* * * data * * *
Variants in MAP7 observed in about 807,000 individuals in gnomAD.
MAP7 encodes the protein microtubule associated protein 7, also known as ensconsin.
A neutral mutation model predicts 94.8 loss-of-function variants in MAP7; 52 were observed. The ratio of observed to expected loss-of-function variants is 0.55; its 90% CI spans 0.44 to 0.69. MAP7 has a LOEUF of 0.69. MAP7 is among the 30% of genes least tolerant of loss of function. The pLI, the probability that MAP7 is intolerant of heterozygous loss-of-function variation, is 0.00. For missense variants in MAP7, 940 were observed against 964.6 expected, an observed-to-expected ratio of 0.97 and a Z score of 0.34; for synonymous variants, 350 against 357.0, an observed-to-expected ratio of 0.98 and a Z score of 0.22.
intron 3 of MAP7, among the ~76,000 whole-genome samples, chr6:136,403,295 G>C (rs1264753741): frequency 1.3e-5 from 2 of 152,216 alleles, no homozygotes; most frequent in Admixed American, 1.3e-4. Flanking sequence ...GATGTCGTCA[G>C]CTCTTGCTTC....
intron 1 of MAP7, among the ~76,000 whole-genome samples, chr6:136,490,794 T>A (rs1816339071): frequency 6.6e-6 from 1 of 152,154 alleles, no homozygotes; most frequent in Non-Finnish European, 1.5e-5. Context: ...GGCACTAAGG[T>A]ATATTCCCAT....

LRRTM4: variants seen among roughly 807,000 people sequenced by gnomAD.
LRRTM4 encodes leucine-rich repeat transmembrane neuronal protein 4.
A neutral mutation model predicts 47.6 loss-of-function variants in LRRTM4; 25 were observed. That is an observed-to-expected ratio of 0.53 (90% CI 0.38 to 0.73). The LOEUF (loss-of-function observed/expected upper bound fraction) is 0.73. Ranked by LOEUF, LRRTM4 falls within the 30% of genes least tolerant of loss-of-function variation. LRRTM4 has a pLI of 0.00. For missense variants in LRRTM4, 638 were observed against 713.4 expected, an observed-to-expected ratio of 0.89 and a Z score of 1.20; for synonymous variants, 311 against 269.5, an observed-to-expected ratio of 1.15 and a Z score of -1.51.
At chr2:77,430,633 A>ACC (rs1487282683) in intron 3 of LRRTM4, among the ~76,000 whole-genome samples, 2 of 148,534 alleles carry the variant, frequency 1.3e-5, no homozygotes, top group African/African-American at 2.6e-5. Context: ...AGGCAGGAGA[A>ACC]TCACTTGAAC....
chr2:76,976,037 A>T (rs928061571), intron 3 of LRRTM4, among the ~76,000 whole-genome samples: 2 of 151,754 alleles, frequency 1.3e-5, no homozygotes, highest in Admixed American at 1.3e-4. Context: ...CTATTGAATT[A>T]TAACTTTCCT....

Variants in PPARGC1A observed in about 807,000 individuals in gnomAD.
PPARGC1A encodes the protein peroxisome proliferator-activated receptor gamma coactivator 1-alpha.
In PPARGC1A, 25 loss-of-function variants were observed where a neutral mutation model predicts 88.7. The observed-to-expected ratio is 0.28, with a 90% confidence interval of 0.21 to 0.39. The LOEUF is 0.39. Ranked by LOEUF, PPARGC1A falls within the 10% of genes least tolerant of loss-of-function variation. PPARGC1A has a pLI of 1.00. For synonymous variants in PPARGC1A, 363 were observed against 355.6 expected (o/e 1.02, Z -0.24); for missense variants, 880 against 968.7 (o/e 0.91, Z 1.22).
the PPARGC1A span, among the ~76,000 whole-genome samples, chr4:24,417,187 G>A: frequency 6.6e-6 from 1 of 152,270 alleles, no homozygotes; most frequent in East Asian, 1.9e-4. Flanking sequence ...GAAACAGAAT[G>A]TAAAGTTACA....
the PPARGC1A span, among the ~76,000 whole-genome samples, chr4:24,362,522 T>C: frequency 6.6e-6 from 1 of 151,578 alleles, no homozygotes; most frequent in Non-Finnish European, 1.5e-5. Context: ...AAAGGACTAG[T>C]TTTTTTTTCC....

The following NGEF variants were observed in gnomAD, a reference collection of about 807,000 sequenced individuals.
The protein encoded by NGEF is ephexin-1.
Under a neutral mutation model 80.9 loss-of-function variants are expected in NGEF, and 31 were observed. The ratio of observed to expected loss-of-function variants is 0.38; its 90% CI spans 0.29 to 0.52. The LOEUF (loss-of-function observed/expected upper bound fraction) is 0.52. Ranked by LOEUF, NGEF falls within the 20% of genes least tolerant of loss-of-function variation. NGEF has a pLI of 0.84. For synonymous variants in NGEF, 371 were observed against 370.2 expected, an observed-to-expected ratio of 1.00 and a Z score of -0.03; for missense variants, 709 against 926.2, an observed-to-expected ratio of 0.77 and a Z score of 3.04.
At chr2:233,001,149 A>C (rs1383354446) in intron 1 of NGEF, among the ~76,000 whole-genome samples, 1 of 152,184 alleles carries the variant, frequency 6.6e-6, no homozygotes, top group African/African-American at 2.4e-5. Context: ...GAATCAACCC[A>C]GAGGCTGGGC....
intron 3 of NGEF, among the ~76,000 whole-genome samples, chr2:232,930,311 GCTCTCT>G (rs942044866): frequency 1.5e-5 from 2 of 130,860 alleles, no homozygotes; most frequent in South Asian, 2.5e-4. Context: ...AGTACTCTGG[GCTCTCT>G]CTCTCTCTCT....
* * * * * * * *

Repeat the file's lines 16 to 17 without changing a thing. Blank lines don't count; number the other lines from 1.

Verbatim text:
The following NGEF variants were observed in gnomAD, a reference collection of about 807,000 sequenced individuals.
The protein encoded by NGEF is ephexin-1.